International Journal of Clinical Medicine
Vol.5 No.5(2014), Article ID:43771,6 pages DOI:10.4236/ijcm.2014.55030

Clinical Profile and Treatment Management of Heart Failure with Preserved Systolic Function in Rural Setting of India

Tom Devasia1, Sunil Datta Nandibandi1, Rama Bhat2, Hashir Kareem1, Ashok Thakkar3

1Department of Cardiology, Kasturba Medical College & Hospital, Manipal, India

2Department of Medicine, Kasturba Medical College & Hospital, Manipal, India

3Department of Clinical Trials, Sahjanand Medical Technologies Pvt. Ltd., Surat, India


Copyright © 2014 by authors and Scientific Research Publishing Inc.

This work is licensed under the Creative Commons Attribution International License (CC BY).

Received 31 December 2013; revised 28 January 2014; accepted 27 February 2014


Background: In recent decades, the hospital admission due to heart failure with normal ejection fraction (HFnEF) or diastolic heart failure has increased particularly in elderly patients. However, sufficient data regarding prevalence, etiologies and treatment of diastolic heart failure are not available for Indian population. So, we carried out an observational study to determine clinical profile and medical therapy for patients experiencing diastolic heart failure. Methods: This was prospective observational study carried out in rural area of India for the period of 12 months. All the patients diagnosed with heart failure with normal ejection fraction were included in the study. If the patient was having severe anemia (hemoglobin < 8.00 g/dl), hemodynamically significant valvular disease, prosthetic valve replacement, and ventricular pacemaker, they were excluded. Results: A total of 53 patients diagnosed with HFnEF were included in the study. There were 24 male patients. Hypertension, CAD and diabetes mellitus were present in 33, 24 and 16 patients respectively. 18 patients developed severe diastolic dysfunction and more common in female as compared to male (37.9% vs. 33.3%). Most frequently observed clinical feature was tachycardia (96% cases) followed by pedal edema (86%). The patients were treated according to underlying cause. Conclusions: Diastolic heart failure is more common in elderly patients. In Indian population, diastolic heart failure has been associated with hypertension, diabetes mellitus and coronary artery diseases in most of the cases.

Keywords: Diastolic Heart Failure; Epidemiology; Heart Failure; Normal Ejection Fraction

1. Introduction

Epidemiological studies have revealed that 1.5% to 2% population experience heart failure (HF) and it is the main reason for hospital admission of elderly patients [1] . It has been estimated that the prevalence increases to 6% - 10% in patients over 65 years of age [2] [3] . The survival after HF has improved due to advancement in treatment. However, HF is one of the leading causes of death, approximately 30,000 deaths per year [4] .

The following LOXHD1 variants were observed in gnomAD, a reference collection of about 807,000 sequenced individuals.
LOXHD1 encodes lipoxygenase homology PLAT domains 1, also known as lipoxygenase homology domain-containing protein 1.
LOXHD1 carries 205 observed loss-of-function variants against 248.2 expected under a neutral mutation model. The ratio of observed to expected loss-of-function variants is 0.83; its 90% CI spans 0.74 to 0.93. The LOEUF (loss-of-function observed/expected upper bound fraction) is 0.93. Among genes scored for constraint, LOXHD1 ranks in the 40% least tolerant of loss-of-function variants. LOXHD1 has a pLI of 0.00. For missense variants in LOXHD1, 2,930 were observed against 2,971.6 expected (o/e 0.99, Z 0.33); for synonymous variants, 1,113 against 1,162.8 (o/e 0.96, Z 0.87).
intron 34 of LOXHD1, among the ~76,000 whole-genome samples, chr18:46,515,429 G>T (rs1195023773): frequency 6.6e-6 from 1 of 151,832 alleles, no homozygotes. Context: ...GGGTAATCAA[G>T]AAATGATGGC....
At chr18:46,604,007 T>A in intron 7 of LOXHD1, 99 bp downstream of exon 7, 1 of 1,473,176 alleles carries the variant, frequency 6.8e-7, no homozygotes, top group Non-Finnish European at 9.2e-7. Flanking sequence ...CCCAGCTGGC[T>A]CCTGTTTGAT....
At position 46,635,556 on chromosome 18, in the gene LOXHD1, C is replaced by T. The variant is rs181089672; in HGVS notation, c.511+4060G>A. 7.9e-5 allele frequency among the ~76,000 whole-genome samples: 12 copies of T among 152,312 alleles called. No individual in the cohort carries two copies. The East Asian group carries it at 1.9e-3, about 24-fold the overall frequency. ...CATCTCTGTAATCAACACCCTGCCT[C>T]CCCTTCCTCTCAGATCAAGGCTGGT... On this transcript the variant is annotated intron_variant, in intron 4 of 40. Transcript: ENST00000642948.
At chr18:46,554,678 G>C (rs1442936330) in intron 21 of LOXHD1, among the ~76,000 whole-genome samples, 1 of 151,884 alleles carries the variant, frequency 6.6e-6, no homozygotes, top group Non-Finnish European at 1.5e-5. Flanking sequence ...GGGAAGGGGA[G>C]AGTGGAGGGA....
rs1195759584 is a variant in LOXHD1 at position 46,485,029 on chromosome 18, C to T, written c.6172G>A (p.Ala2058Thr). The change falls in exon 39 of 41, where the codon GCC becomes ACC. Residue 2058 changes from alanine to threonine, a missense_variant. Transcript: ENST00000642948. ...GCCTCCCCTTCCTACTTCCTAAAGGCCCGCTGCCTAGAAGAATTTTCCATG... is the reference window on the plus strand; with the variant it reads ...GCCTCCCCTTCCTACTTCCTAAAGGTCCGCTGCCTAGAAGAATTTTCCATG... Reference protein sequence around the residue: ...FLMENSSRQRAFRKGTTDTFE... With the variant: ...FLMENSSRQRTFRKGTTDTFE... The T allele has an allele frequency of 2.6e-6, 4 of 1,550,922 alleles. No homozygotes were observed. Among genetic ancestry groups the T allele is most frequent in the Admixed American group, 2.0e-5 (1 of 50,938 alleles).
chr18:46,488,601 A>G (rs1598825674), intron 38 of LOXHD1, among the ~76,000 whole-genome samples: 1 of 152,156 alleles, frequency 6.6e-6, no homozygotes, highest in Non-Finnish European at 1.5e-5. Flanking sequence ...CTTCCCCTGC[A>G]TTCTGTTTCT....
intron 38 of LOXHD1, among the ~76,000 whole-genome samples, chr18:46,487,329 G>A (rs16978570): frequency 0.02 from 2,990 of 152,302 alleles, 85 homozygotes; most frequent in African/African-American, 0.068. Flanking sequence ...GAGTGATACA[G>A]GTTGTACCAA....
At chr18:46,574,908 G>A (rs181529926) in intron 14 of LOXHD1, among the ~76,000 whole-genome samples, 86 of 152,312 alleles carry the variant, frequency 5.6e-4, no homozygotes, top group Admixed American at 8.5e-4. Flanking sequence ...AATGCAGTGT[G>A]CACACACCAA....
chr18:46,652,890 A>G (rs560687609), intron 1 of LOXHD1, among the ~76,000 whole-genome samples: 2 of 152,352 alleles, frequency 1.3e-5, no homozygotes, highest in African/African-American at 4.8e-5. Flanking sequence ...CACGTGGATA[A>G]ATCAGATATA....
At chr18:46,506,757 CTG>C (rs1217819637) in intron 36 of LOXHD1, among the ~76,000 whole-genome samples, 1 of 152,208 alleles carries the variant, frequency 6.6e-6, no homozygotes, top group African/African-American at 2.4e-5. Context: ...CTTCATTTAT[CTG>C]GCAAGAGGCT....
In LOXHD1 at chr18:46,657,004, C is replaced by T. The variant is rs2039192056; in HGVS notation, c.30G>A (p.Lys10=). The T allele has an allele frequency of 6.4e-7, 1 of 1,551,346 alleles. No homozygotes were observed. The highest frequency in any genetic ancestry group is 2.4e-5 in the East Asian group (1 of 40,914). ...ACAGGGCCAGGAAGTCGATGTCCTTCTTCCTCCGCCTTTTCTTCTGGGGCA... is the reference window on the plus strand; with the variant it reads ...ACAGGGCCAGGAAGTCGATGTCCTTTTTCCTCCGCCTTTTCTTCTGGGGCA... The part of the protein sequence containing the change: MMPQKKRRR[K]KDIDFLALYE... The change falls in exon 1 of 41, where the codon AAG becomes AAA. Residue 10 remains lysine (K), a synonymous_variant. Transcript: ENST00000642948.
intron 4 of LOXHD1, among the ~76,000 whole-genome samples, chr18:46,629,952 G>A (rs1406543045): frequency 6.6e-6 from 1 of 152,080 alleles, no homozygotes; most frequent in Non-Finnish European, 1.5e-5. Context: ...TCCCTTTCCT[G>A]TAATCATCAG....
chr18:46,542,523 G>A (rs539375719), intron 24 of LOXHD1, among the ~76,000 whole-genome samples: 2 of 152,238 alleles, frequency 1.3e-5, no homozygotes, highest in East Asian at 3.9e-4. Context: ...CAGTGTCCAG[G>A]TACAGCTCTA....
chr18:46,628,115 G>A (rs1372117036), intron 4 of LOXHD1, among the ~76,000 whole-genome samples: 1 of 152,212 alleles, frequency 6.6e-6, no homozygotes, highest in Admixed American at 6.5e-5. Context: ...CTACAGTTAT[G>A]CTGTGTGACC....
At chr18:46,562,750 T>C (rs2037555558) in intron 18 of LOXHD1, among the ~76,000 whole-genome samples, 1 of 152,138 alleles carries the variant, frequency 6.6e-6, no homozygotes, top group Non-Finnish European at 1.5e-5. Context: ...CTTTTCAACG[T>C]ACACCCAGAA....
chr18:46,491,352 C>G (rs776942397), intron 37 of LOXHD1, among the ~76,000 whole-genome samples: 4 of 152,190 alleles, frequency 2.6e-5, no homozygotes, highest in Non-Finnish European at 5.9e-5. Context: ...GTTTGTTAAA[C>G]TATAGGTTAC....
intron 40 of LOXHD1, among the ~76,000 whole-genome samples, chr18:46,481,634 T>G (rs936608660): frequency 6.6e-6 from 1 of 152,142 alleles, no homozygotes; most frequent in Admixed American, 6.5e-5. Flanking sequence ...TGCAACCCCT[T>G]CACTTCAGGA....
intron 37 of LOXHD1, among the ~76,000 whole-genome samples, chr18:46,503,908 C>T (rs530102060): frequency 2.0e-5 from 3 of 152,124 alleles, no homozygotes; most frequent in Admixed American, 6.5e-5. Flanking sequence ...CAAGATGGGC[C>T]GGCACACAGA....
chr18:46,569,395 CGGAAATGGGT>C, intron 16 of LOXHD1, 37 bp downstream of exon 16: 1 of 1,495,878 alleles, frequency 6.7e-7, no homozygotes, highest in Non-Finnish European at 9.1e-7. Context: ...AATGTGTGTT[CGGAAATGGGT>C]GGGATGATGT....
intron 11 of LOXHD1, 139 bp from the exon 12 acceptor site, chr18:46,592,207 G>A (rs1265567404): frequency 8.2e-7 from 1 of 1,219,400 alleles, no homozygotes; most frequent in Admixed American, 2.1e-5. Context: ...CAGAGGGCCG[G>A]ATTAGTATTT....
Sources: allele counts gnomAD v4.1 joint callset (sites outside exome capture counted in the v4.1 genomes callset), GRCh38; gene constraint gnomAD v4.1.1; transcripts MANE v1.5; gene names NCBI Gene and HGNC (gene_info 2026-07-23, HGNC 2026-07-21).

Recent studies have indicated that more than half patients diagnosed with HF even though ejection fraction (EF) is normal or near normal [5] [6] . This clinical condition is termed as “heart failure with normal ejection fraction” (HFnEF) or “diastolic heart failure” (DHF). It is characterized by the evidence of diastolic dysfunction (e.g., impaired LV relaxation, abnormal left ventricular filling and elevated filling pressure). There has been substantial progress in the treatment of systolic heart failure (SHF). However, very little progress has been made in the management of DHF. The mortality due to DHF is 8% to 9% per year which is about the half of the SHF but the morbidity, hospitalisation rates and healthcare costs per patient are almost similar to those of SHF [7] .

The common risk factors associated with DHF i.e. hypertension, diabetes and coronary artery diseases are more prevalent in India [6] [8] . Due to higher propensity for these risk factors, there is a possibility that the burden of DHF is likely to be higher in India. As the exact prevalence and incidence of DHF are not known, it indicates a need to carry out the study which gives us an idea regarding the prevalence, aetiology, morbidity and mortality pattern of this study. So, we have carried out the study to obtain the clinical profile of the patients experiencing DHF along with aetiology, pharmacological treatments and short-term outcomes.

2. Methods

2.1. Study Design and Patient Population

This prospective observational study was carried out at Kasturba Hospital, Manipal between January 2010 and February 2012. The protocol of the study was approved by institutional ethics committee of the hospital before the initiation of the study. The informed consents were obtained from all the patients enrolled in the study.